To Confront Stigmas, This Pop-Up Massage Spa Is Staffed Only by HIV-Positive Therapists

Healing House gets hands-on with fighting false perceptions

Healing House was inspired by a survey that found most North Americans will not share touch with those who are HIV-positive.
Casey House

A Canadian hospital is employing the personal touch to fight prejudice and dispel misconceptions by opening a pop-up spa where all 15 massage therapists are HIV-positive.

The provocative activation was created by agency Bensimon Byrne and PR firm Narrative for HIV/AIDS treatment center Casey House. Located in downtown Toronto, the spa, called Healing House, will offer free hand, neck and shoulder massages on Friday and Saturday. Walk-ins are welcome, though appointments can be booked at www.smashstigma.ca. Melissa Doldron, registered massage therapist for the Toronto Blue Jays, trained the employees, known as “Healers.”

Client and agency believe the tactile nature of the interaction—which poses no risk of infection—will help people examine their prejudice, inspire compassion and, hopefully, make people less fearful of physical contact with those who have contracted HIV and AIDS.

The activation arrives in conjunction with a Casey House study that found 79 percent of North Americans would share skin-to-skin contact with a cancer sufferer, but only 41 percent are willing to share touches with someone living with HIV/AIDS.

If the tactics sound familiar, that’s because Healing House comes from the same team that created June’s Eatery, a pop-up bistro staffed by HIV+ employees in an effort to combat the food-prep stigma. That 2017 effort generated more than 500 news stories and 1 billion global impressions.

“This year, we wanted to take it a step further,” says Bensimon partner and executive creative director Joseph Bonnici. “We want to make those that are ignorant uncomfortable with what we are doing.”

Based on the response to June’s Eatery, Bonnici expects plenty of “ignorant” reactions to Healing House—including hate spewed by trolls who will inevitably, and erroneously, accuse the therapists of spreading HIV and AIDS.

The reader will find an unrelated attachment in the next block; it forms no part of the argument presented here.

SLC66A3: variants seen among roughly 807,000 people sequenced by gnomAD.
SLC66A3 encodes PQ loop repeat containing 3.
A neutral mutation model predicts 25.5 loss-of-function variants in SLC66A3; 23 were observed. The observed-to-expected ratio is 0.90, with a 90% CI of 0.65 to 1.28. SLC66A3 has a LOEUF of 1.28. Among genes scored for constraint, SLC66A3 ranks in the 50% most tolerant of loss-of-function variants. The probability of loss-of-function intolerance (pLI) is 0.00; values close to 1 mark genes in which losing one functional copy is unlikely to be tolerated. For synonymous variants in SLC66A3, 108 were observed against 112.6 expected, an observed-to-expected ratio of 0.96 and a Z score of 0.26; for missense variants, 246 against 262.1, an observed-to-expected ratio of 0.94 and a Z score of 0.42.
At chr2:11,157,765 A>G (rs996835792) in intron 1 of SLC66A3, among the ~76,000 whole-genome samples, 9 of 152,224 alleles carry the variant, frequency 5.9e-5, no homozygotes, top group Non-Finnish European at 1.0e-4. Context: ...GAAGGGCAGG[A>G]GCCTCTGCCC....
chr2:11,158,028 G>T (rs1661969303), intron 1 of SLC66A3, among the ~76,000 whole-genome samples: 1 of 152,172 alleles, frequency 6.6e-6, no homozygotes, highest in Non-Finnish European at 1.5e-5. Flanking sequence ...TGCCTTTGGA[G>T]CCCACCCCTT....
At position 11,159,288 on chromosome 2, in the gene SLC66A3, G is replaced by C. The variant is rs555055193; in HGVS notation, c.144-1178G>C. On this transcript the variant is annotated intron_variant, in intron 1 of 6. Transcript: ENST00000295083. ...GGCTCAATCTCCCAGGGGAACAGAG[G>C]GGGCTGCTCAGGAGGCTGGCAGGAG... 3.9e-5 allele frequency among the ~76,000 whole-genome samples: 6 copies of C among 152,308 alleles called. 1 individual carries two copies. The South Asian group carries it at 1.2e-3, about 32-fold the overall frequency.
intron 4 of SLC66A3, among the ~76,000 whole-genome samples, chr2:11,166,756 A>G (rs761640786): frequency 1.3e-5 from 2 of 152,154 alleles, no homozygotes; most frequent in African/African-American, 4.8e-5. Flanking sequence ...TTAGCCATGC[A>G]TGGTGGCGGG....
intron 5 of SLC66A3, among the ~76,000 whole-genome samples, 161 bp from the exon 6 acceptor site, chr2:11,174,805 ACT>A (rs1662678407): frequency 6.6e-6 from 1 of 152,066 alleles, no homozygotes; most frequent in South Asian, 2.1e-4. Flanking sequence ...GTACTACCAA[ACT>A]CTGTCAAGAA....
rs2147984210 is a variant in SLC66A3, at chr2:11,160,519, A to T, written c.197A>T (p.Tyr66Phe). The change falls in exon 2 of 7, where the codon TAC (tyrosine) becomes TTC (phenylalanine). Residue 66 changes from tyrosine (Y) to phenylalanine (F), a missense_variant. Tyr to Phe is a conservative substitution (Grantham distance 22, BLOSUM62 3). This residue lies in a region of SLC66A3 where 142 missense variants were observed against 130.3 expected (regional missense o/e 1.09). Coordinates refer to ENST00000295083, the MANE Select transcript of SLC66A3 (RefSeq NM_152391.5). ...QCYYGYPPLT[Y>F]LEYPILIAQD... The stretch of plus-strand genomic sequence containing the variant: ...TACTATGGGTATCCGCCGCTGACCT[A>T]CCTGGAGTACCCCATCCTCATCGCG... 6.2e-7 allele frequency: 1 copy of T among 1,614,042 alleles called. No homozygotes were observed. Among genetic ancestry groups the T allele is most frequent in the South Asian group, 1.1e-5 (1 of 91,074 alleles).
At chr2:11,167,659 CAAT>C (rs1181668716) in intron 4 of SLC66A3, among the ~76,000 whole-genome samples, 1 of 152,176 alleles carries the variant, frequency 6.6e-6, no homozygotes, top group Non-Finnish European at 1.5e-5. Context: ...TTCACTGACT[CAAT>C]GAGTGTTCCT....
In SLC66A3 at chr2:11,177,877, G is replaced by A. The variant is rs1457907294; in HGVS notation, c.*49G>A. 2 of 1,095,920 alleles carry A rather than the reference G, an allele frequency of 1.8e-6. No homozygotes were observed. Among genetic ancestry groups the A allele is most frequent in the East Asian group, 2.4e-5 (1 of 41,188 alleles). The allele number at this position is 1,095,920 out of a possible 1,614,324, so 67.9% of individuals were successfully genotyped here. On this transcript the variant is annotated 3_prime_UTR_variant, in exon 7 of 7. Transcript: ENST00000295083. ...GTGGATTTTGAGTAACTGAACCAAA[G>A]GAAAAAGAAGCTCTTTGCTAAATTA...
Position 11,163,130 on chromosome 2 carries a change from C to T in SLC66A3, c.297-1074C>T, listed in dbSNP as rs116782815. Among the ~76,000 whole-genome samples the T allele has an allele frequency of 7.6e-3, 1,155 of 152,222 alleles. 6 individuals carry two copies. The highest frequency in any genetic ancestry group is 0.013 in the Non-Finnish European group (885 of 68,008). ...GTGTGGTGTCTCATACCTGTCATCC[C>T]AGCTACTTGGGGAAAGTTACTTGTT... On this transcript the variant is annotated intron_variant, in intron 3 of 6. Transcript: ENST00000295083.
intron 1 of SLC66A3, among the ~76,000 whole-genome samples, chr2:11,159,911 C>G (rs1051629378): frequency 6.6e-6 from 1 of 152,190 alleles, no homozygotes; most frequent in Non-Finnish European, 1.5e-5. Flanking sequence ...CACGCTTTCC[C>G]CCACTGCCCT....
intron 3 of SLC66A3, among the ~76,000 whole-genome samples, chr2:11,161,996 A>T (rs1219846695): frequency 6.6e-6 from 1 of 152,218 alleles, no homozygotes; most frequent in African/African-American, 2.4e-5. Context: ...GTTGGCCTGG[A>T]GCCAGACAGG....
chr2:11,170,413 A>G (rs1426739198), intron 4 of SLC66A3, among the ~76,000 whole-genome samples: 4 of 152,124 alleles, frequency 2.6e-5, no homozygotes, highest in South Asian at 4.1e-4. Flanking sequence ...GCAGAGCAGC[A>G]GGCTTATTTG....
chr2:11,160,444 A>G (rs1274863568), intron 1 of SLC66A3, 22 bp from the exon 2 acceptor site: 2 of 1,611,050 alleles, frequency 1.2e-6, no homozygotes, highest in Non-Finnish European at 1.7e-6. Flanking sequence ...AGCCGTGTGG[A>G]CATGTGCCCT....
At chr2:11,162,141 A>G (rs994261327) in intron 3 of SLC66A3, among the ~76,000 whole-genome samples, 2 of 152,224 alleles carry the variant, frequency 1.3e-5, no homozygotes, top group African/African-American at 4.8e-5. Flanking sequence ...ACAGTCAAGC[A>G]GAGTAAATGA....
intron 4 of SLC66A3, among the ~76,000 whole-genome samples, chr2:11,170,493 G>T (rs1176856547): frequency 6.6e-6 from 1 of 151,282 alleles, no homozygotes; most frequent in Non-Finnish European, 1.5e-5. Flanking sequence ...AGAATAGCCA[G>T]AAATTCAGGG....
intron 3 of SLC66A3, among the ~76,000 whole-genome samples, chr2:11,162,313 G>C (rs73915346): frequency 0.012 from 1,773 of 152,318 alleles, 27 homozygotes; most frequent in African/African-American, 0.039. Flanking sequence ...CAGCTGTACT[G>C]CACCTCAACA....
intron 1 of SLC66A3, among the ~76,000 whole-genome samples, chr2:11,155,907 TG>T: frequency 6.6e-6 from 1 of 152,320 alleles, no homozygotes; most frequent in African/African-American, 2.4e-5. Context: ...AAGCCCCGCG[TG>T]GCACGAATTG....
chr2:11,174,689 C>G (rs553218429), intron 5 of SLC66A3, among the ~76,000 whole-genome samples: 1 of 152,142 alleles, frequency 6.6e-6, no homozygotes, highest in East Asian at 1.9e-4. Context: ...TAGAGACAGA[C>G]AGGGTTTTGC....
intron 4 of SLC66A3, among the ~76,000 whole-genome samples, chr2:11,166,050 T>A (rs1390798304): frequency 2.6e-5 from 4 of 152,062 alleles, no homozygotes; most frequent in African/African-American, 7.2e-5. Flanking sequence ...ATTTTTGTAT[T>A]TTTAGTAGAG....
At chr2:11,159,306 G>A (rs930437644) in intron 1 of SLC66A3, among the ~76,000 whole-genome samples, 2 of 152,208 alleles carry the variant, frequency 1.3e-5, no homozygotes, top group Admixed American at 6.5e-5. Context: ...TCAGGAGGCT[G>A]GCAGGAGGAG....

When commenters spout such misconceptions, ‘”it energizes people to come forward and fight with us,” he says. “When you look at the stigma that was displayed online (about June’s), there was an overwhelming response to correct people and give them the facts—friends calling out their own friends’ or family members’ ignorant statements. This is exactly what we wanted.”

To help spread the word about Healing House, the agency is sending “Relax Your Fear” massage oil made by the HIV+ spa staffers to 100 key media outlets. The PR blitz also includes a press tour of the 7,000-square-foot facility today. Located at 128 Peter St. in the heart of Toronto’s downtown entertainment district, it sits beneath a huge “Relax Your Fear” billboard.

Beyond educating the public, “this event is a healing experience for our HIV+ people as well (and, by extension, those living with HIV and AIDS everywhere), because it shows true acceptance and compassion that perfect strangers are so willing to be massaged,” Bonnici says.

“Remember, some of these people are only now disclosing their status,” he says. “And many have been afraid of people’s reactions and fear the stigma that comes with touch. It’s been designed as an experience which heals the healers as much as anyone else.”

Randy, one of the spa’s healers, concurs.

“When I was first diagnosed with HIV, one of my initial thoughts was that I would be alone forever and that I’d never be touched or loved again,” he says. “When I disclosed my status, many people close to me were warm and caring, but acquaintances, medical professionals and people who didn’t know me well showed obvious signs of discomfort and made excuses not to touch me.“

“I believe in the healing power of touch,” he continues. “My hope is that Canadians will embrace Healing House and give me faith that we are as kind and understanding as we think we are.”